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Settling Arkansas child-custody disputes amicably

Many Arkansas couples would probably agree on this fundamental point: when parents fight during divorce proceedings, their children lose. It is wrong of anyone to think that children are not perceptive. They observe everything, but do not always understand what they see. This often creates fear, insecurity, hopelessness and, sometimes, feelings that they are to blame. For all of these reasons, meeting the best interests of children argues for their parents to adopt a co-parenting plan. For both parents, this means putting their interests aside for the sake of their children.

Every parent should continually ask the question, “Are my child’s needs being met?” Divorcing parents have an even more important question to answer: “Will my child’s needs be met after we divorce?” The answer will likely lead both parents to the conclusion that co-parenting is the best solution. Co-parenting is much like the relationship between business associates who keep their emotions in check to focus on business — in this case, how best to raise their child. Once parents put their personal issues aside, their goals for their children are usually the same.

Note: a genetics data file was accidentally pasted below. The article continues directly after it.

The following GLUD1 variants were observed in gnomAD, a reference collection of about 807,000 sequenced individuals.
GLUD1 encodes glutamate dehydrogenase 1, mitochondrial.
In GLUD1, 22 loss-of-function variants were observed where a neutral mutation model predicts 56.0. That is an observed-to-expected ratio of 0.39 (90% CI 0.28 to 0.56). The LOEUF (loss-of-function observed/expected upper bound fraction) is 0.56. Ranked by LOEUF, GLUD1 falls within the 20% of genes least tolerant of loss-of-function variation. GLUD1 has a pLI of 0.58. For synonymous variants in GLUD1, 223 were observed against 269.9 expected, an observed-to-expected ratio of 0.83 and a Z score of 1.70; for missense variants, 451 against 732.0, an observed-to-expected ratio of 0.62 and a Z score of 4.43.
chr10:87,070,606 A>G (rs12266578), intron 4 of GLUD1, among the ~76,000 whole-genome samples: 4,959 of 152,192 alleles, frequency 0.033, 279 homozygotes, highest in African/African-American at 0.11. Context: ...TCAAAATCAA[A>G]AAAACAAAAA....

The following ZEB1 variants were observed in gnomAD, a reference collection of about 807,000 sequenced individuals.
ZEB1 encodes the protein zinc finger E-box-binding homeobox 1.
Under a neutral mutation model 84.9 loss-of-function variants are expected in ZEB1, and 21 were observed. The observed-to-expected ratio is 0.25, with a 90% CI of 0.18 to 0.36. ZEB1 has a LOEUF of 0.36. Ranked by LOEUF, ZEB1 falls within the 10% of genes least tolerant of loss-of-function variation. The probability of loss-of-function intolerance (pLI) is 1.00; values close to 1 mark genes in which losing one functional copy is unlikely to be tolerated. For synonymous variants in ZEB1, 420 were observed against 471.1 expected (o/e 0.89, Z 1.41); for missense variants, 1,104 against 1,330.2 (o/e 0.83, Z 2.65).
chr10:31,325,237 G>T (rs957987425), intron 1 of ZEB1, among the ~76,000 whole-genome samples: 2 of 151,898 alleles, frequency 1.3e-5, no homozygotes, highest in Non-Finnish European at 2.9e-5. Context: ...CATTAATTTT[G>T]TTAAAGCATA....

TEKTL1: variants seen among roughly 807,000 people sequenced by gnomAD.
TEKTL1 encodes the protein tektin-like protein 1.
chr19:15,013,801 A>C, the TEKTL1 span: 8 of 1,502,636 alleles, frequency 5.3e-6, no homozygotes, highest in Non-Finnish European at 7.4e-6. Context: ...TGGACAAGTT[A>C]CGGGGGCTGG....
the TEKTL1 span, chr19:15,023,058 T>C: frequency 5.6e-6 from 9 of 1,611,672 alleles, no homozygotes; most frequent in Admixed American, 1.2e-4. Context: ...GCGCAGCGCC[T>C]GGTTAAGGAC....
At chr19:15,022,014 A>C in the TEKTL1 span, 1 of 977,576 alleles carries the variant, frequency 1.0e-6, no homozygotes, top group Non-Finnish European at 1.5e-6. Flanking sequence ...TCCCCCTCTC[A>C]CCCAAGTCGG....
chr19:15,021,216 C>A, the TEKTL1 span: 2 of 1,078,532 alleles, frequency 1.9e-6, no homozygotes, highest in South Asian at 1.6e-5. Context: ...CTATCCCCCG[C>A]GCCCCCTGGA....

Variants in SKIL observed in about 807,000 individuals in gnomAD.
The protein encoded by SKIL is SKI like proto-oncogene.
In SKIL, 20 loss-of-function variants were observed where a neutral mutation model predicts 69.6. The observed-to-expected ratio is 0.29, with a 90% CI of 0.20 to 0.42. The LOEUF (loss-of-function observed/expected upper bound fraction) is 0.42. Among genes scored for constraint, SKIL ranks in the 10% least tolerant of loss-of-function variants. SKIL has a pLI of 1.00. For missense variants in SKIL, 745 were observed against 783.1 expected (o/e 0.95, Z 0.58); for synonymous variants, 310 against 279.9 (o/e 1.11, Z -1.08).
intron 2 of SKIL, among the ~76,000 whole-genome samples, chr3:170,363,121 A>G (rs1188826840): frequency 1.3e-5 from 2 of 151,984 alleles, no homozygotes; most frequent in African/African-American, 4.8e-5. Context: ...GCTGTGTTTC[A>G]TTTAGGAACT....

To be effective co-parents, ex-spouses will need to communicate directly with each other. Both spouses should work to make visitation a happy, pleasant and productive experience, as well as come up with a written parenting plan that will help resolve custody disputes when they arise. Other concerns — taking a child to the doctor or figuring out where a child will spend vacation — can also be thrashed out at this stage.

Talking to a mediator is often the first step toward developing a co-parenting plan. Both parents should explain their views without interruption. Together, they can come up with an effective plan that meets all of their concerns about parenting time. This can help make their relationships with children stronger.

Source:, “From Parent Wars to Co-Parenting,” accessed on Dec.16, 2014

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